5 Lessons from deploying Lean in the Education Sector

Since the book, Lean Thinking which was published is 1986, Lean has spread to many different business sectors, initially to other manufacturing types and then into the back-office processes of business and into processing centres for administration or service –call centres.

It has now spread far and wide across many different sectors. Although Lean has been heavily researched and discussed by academics and researchers, its use by the Education sector has only started to come forward relatively recently in Lean terms. At the Perfect Process Company, we have delivered several interventions within education with several key themes emerging from this work:

Lesson 1: The support and engagement of the Educational leadership team and the senior site leader is essential

Like the commercial world, the leadership team needs to support the Lean change programme and direct its’ efforts to succeed.

Lesson 2: An imperative for change is required to catalyse action

This normally takes the form of an Ofsted inspection result, where anything below “good” triggers an immediate action plan and a core review of the establishment. Where this imperative is missing, just like in the business world it can be difficult to get change started.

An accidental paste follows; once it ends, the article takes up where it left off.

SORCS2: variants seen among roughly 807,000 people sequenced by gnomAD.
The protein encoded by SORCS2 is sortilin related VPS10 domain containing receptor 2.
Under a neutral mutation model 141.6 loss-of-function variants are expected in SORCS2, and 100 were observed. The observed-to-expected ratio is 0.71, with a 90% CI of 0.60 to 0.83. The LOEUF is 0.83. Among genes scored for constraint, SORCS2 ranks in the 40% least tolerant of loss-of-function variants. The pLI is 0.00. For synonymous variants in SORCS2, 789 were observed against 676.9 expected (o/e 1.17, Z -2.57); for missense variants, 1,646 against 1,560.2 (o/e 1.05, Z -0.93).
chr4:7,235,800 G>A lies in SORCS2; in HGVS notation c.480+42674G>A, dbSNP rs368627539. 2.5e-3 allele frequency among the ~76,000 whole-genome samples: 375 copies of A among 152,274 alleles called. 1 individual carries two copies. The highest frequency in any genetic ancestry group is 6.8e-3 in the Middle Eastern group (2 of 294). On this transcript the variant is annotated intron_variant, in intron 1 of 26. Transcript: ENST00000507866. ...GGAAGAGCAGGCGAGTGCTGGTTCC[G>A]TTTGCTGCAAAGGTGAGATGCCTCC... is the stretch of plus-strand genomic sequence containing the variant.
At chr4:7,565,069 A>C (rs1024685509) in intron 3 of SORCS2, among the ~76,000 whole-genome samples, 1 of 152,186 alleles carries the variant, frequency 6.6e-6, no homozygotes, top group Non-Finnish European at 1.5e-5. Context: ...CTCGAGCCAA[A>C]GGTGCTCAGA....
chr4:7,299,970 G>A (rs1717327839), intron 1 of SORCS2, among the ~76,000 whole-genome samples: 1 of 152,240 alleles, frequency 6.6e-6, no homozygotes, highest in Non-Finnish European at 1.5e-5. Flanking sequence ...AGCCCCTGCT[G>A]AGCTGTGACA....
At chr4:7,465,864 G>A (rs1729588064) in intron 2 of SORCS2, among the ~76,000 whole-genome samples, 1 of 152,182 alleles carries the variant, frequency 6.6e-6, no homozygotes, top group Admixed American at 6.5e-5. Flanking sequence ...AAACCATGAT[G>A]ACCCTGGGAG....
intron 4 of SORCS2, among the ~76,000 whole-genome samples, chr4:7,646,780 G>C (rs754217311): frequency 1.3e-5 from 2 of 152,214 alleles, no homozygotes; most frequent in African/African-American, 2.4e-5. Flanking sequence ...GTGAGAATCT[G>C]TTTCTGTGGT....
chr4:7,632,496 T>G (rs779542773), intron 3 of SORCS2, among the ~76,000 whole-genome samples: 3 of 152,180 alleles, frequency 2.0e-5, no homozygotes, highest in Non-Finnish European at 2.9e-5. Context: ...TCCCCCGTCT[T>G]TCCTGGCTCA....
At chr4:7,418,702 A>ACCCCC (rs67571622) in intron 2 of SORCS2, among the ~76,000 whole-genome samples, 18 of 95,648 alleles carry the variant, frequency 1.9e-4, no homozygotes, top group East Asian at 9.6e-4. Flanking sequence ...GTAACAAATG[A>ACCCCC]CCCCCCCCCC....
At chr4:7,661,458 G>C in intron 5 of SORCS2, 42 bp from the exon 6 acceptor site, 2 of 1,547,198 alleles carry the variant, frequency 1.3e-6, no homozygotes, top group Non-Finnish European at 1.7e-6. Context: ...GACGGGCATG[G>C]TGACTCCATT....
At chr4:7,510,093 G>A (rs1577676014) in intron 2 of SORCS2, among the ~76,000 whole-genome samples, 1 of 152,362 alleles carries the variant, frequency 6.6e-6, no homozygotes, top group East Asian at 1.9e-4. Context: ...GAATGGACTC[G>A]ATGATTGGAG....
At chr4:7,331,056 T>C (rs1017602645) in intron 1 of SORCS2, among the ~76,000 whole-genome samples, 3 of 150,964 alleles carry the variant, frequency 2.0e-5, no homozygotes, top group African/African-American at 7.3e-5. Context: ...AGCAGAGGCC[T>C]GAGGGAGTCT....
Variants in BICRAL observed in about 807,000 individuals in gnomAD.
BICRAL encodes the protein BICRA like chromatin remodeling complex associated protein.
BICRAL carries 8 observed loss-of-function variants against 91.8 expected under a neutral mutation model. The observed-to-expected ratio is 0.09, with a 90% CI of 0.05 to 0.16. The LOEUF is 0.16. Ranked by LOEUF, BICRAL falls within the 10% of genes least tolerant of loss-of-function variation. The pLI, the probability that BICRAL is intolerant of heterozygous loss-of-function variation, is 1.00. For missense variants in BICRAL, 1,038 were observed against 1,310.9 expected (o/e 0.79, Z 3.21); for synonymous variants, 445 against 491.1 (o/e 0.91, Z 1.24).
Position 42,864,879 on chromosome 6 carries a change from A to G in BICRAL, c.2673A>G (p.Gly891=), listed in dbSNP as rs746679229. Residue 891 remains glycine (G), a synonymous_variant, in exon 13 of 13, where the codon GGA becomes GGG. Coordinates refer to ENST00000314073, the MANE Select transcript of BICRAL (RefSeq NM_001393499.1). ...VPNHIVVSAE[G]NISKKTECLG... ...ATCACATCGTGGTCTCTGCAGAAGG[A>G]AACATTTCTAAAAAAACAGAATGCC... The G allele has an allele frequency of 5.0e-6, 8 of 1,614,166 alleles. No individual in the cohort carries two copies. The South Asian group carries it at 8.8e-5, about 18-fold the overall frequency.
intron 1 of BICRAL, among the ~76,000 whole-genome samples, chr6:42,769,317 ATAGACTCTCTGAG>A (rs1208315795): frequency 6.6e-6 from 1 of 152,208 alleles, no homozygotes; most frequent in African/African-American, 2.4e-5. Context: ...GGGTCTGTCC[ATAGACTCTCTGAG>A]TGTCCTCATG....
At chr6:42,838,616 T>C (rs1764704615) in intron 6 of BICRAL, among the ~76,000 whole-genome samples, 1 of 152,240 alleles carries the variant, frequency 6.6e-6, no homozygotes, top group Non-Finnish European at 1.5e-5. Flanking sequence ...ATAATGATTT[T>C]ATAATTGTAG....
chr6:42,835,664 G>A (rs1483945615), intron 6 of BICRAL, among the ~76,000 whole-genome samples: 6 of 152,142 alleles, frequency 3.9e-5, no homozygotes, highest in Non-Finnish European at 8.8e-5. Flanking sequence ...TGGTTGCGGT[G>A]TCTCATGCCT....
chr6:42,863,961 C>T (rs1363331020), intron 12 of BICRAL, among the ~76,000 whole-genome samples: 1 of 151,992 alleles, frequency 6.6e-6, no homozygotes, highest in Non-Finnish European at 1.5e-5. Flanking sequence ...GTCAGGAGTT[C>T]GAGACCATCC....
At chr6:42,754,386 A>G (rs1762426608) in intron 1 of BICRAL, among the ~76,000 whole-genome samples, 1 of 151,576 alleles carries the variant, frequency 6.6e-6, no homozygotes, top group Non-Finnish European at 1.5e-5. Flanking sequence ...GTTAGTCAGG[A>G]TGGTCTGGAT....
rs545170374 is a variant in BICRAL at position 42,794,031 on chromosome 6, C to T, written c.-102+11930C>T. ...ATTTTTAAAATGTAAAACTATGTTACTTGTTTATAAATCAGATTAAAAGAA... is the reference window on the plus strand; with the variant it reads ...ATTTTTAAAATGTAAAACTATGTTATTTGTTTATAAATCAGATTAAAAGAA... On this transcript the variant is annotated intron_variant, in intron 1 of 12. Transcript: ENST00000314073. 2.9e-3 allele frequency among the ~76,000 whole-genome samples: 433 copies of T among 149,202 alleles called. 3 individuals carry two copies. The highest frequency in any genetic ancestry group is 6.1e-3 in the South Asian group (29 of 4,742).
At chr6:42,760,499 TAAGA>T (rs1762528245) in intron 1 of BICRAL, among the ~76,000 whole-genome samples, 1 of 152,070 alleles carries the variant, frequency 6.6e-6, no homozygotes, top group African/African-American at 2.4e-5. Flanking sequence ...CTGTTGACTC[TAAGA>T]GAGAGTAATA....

Lesson 3: There are many different stakeholder groups which have differing levels of influence and can be difficult to navigate

The governing body, local community, parents, religious stakeholders, LEAs, Ofsted, government department of education are all bodies which have a stake and influence schools, colleges and universities. The government for example can require rapid changes at short notice. These bodies may need to be consulted or at least informed when a Lean change programme is being implemented. This challenging landscape sucks up time and resources during the Lean journey.

Lesson 4: It is difficult to define the customer and understand value the older the pupil/student

Value is easier to determine in Key stage 1,2,3 as the customer (the child) is heavily represented by the key stakeholder (the parent) during their educational journey. At 16 the child starts to have an increasing level of freedom and the parents are naturally less directly involved in their education. Once the child turns 18 and enters higher education that link is lost and the stakeholder is naturally less involved. The challenge for further and higher education is to understand the attributes of value from an audience that has not necessarily reached a level of maturity to be able to provide a balanced view of educational needs!

Lesson 5: There is a resistance to standardisation and adaption of new processes

Excessive use of personal methods for recording data and management has been found in the places we have worked. There is also a reluctance to adapt new processes which hinders efficiency and standardisation in further and higher education.

Neil Trivedi

The Perfect Process Company